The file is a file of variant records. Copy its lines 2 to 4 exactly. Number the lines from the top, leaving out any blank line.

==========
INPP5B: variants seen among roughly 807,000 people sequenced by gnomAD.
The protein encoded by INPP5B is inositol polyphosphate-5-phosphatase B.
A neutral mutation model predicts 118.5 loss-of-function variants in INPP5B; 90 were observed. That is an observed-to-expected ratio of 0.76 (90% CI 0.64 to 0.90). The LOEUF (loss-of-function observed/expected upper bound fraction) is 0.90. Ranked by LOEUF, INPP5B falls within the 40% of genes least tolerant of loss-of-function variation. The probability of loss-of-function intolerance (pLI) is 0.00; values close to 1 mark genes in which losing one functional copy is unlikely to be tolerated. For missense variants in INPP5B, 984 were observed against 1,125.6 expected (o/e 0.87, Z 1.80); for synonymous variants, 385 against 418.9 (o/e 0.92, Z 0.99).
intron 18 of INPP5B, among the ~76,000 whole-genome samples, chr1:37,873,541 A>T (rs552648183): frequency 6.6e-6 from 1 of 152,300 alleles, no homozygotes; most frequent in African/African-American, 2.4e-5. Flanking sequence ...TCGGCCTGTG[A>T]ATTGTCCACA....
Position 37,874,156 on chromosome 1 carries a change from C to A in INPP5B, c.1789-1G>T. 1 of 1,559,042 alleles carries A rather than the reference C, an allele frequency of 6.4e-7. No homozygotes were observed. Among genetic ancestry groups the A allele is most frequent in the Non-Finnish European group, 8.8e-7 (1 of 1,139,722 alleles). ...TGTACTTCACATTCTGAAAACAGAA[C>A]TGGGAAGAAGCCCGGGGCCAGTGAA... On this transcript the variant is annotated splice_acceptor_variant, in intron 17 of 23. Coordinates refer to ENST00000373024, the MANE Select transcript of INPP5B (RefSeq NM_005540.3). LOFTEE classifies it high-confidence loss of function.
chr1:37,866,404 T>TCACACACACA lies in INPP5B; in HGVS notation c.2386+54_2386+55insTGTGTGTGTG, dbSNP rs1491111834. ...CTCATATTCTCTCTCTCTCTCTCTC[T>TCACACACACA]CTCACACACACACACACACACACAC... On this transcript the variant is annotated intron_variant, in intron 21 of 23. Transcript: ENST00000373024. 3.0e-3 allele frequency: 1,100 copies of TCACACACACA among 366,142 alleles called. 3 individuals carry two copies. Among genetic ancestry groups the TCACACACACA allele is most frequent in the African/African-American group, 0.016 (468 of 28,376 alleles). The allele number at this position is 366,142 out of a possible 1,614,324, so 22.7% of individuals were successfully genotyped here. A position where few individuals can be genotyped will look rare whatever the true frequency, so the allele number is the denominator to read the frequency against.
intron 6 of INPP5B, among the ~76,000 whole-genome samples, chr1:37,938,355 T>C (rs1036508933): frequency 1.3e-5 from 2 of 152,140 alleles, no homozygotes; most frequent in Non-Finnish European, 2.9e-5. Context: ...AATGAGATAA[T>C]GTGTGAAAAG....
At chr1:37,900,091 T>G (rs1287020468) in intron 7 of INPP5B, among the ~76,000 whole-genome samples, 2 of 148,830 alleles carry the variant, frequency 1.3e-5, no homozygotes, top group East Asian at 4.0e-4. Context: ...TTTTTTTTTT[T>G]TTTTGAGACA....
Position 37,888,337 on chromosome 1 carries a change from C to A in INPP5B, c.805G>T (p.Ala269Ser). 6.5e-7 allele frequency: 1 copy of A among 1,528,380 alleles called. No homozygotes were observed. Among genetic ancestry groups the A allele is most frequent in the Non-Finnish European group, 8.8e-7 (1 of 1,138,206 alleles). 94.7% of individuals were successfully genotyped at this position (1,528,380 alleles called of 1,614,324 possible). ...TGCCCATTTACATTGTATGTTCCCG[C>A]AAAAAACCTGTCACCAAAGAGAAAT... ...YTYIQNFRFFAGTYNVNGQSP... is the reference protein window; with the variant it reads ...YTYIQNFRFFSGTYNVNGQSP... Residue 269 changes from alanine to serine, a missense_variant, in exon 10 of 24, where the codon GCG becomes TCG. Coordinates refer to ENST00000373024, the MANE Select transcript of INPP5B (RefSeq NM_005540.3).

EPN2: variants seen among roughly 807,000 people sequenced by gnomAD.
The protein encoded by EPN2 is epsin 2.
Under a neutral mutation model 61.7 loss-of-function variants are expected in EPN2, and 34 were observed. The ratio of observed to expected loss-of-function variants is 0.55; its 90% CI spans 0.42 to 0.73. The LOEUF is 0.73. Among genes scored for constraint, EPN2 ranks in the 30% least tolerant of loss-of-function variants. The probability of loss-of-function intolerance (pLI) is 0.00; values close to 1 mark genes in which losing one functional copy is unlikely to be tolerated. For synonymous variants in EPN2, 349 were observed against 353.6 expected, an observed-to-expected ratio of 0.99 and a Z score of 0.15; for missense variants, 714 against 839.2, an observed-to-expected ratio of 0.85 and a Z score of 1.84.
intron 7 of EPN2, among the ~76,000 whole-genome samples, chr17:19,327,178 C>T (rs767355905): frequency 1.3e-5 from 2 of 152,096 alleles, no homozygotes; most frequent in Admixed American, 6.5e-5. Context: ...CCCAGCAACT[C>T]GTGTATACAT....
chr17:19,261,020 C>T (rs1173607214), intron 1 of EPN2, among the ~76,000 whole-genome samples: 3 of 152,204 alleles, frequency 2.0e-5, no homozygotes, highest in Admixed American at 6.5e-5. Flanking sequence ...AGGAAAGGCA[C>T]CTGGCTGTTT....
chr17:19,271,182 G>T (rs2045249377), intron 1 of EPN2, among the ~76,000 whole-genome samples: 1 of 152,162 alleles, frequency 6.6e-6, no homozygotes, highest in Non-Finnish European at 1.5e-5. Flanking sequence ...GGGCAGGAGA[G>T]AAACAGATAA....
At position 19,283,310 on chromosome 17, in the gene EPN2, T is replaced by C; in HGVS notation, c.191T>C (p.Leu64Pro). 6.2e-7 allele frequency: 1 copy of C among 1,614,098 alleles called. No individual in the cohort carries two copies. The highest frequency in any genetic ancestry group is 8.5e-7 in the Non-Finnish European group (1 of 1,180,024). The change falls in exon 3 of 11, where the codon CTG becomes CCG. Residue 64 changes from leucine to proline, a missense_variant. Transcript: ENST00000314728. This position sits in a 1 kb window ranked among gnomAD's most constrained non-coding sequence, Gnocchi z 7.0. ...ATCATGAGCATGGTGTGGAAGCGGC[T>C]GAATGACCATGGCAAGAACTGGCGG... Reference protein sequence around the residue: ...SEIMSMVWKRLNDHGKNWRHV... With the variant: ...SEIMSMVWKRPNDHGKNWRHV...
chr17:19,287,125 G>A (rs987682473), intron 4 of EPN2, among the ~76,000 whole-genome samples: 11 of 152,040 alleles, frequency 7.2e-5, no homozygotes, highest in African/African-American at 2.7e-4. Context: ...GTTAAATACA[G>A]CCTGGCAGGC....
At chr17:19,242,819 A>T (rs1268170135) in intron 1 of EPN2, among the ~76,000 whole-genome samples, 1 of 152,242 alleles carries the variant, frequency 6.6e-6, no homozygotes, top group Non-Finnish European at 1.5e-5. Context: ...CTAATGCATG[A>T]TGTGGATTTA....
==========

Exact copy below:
The protein encoded by INPP5B is inositol polyphosphate-5-phosphatase B.
A neutral mutation model predicts 118.5 loss-of-function variants in INPP5B; 90 were observed. That is an observed-to-expected ratio of 0.76 (90% CI 0.64 to 0.90). The LOEUF (loss-of-function observed/expected upper bound fraction) is 0.90. Ranked by LOEUF, INPP5B falls within the 40% of genes least tolerant of loss-of-function variation. The probability of loss-of-function intolerance (pLI) is 0.00; values close to 1 mark genes in which losing one functional copy is unlikely to be tolerated. For missense variants in INPP5B, 984 were observed against 1,125.6 expected (o/e 0.87, Z 1.80); for synonymous variants, 385 against 418.9 (o/e 0.92, Z 0.99).
intron 18 of INPP5B, among the ~76,000 whole-genome samples, chr1:37,873,541 A>T (rs552648183): frequency 6.6e-6 from 1 of 152,300 alleles, no homozygotes; most frequent in African/African-American, 2.4e-5. Flanking sequence ...TCGGCCTGTG[A>T]ATTGTCCACA....